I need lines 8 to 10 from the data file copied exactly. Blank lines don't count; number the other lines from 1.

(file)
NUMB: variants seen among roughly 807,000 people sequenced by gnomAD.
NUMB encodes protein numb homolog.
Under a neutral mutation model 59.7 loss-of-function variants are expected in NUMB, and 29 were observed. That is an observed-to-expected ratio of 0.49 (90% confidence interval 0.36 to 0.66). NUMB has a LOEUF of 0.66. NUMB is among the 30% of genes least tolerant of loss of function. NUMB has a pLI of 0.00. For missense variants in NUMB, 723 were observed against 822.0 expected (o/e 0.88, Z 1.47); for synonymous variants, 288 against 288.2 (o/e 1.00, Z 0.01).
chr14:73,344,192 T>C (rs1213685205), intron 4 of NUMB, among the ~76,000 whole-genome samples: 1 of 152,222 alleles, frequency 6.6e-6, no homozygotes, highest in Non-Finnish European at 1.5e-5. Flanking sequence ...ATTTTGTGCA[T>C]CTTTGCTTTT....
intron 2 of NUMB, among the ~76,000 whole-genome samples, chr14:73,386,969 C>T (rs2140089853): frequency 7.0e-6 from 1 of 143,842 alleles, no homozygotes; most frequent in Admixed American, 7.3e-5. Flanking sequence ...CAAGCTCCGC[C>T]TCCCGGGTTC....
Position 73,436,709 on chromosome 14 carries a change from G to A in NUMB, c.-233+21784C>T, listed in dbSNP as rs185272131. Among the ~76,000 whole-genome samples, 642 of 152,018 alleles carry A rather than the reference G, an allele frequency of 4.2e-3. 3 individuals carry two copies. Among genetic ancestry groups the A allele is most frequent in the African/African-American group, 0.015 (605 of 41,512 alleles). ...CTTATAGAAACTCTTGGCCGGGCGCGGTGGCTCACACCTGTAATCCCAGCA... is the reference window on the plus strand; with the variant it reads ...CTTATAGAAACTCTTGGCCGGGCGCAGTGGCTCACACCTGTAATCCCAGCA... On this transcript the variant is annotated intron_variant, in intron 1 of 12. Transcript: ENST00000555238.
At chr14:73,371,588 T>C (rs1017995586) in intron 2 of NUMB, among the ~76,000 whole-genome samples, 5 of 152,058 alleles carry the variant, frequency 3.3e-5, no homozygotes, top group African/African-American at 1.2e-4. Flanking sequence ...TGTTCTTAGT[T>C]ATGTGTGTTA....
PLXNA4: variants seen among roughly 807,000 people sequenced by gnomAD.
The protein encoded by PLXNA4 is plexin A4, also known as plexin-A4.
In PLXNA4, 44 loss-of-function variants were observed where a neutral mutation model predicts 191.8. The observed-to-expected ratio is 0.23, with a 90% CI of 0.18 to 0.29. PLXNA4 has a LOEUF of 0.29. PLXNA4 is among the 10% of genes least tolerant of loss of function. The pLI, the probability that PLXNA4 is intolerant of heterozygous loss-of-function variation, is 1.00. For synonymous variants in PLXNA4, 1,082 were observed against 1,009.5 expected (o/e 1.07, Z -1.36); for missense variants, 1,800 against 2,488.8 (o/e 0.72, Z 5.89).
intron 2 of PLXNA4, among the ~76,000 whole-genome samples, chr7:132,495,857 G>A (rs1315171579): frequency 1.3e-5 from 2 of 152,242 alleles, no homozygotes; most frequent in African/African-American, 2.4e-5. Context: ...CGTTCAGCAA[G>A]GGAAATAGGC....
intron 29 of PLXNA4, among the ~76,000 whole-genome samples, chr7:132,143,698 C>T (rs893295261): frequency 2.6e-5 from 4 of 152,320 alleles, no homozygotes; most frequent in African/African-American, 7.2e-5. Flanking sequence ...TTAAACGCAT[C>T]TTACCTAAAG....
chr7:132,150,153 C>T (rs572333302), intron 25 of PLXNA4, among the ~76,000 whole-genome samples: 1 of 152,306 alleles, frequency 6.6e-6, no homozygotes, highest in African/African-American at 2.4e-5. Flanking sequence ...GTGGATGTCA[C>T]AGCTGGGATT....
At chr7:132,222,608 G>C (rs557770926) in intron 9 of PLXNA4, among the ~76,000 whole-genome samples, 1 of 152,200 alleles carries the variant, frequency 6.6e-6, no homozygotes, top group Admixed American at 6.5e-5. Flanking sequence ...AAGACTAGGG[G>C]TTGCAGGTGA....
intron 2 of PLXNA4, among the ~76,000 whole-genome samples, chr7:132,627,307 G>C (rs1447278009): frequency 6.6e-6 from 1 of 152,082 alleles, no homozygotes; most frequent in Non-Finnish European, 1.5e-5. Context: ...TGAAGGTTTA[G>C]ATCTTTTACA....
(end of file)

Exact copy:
PLXNA4: variants seen among roughly 807,000 people sequenced by gnomAD.
The protein encoded by PLXNA4 is plexin A4, also known as plexin-A4.
In PLXNA4, 44 loss-of-function variants were observed where a neutral mutation model predicts 191.8. The observed-to-expected ratio is 0.23, with a 90% CI of 0.18 to 0.29. PLXNA4 has a LOEUF of 0.29. PLXNA4 is among the 10% of genes least tolerant of loss of function. The pLI, the probability that PLXNA4 is intolerant of heterozygous loss-of-function variation, is 1.00. For synonymous variants in PLXNA4, 1,082 were observed against 1,009.5 expected (o/e 1.07, Z -1.36); for missense variants, 1,800 against 2,488.8 (o/e 0.72, Z 5.89).